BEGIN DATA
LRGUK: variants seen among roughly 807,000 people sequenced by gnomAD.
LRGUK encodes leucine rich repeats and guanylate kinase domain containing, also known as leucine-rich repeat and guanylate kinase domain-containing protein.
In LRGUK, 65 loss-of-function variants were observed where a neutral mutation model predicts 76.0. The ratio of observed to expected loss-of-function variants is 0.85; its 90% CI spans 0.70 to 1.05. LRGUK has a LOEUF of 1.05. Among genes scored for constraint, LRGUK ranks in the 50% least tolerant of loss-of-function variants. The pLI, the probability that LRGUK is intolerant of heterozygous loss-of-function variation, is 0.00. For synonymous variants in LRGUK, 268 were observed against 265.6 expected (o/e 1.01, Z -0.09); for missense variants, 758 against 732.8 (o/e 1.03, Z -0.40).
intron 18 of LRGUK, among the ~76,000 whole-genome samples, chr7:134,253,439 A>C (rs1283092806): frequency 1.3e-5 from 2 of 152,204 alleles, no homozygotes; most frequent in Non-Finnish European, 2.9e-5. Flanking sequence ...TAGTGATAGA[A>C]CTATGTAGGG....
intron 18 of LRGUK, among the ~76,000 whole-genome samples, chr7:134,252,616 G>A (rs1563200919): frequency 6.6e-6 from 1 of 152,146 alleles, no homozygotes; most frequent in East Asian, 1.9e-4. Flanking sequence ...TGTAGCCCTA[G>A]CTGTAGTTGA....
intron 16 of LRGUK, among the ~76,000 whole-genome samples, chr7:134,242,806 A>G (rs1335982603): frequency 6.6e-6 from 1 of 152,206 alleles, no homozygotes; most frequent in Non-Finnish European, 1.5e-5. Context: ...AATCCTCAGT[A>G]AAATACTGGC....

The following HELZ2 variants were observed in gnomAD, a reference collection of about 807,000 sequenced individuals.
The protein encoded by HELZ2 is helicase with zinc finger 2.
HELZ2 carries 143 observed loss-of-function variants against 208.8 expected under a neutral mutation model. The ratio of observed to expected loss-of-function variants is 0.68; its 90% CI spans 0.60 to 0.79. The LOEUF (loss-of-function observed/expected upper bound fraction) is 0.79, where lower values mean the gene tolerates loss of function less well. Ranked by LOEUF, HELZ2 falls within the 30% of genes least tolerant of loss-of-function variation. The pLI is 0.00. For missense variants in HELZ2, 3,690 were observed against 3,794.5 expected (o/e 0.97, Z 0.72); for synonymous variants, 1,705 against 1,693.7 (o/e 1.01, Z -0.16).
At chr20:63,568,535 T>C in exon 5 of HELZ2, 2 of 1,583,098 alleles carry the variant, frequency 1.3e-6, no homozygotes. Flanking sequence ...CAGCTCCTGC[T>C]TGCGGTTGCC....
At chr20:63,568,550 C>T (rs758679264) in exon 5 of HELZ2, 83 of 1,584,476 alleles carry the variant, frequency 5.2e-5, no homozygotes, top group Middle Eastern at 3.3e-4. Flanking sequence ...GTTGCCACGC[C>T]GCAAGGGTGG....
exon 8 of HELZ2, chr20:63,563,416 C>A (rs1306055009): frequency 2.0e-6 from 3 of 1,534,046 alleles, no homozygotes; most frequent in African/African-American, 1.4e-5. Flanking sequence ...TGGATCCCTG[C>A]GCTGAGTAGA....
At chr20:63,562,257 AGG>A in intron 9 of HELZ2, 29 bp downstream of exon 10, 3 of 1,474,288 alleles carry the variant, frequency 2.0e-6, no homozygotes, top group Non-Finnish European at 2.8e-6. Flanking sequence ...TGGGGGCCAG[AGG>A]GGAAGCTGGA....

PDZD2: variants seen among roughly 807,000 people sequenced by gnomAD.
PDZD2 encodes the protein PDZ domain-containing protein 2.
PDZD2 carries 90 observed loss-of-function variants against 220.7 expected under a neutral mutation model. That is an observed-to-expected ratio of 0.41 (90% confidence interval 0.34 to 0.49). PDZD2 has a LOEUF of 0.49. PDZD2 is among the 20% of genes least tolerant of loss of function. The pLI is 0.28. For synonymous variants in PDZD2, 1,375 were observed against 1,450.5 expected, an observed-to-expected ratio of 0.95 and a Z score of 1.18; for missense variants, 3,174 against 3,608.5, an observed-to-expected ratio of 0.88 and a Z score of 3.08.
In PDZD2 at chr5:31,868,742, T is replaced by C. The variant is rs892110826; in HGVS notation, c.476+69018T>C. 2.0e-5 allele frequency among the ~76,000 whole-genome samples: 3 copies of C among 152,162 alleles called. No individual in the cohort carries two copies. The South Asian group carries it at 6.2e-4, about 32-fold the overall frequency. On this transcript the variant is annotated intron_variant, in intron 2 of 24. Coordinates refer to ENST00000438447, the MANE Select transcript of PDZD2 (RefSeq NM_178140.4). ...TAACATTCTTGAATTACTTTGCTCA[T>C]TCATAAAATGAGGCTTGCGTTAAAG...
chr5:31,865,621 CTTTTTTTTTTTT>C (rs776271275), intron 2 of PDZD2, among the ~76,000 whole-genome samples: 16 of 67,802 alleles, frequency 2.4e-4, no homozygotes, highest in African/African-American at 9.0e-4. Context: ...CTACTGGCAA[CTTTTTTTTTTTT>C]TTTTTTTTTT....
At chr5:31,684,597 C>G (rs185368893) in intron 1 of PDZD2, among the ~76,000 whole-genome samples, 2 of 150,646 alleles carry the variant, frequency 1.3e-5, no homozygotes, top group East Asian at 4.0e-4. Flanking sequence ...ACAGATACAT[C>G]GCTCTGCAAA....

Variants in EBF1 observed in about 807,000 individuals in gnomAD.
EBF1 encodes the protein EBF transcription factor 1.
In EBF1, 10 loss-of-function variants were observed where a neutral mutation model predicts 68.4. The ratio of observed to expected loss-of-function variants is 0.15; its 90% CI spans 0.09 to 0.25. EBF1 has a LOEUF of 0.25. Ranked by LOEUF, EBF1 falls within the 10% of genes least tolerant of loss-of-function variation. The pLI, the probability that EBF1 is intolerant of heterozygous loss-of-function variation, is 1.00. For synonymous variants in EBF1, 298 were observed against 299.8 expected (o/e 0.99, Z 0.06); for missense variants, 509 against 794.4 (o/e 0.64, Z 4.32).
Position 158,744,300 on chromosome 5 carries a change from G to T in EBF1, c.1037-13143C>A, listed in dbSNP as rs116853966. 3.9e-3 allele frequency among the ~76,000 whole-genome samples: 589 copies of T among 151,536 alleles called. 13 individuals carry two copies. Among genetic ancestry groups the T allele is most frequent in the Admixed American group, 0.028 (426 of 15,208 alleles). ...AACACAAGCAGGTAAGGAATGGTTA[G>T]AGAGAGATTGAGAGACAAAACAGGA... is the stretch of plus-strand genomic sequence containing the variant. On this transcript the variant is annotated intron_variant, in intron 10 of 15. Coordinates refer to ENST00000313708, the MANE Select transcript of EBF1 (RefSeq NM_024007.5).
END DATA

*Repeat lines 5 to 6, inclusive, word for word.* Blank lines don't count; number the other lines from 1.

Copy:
intron 18 of LRGUK, among the ~76,000 whole-genome samples, chr7:134,252,616 G>A (rs1563200919): frequency 6.6e-6 from 1 of 152,146 alleles, no homozygotes; most frequent in East Asian, 1.9e-4. Flanking sequence ...TGTAGCCCTA[G>A]CTGTAGTTGA....
intron 16 of LRGUK, among the ~76,000 whole-genome samples, chr7:134,242,806 A>G (rs1335982603): frequency 6.6e-6 from 1 of 152,206 alleles, no homozygotes; most frequent in Non-Finnish European, 1.5e-5. Context: ...AATCCTCAGT[A>G]AAATACTGGC....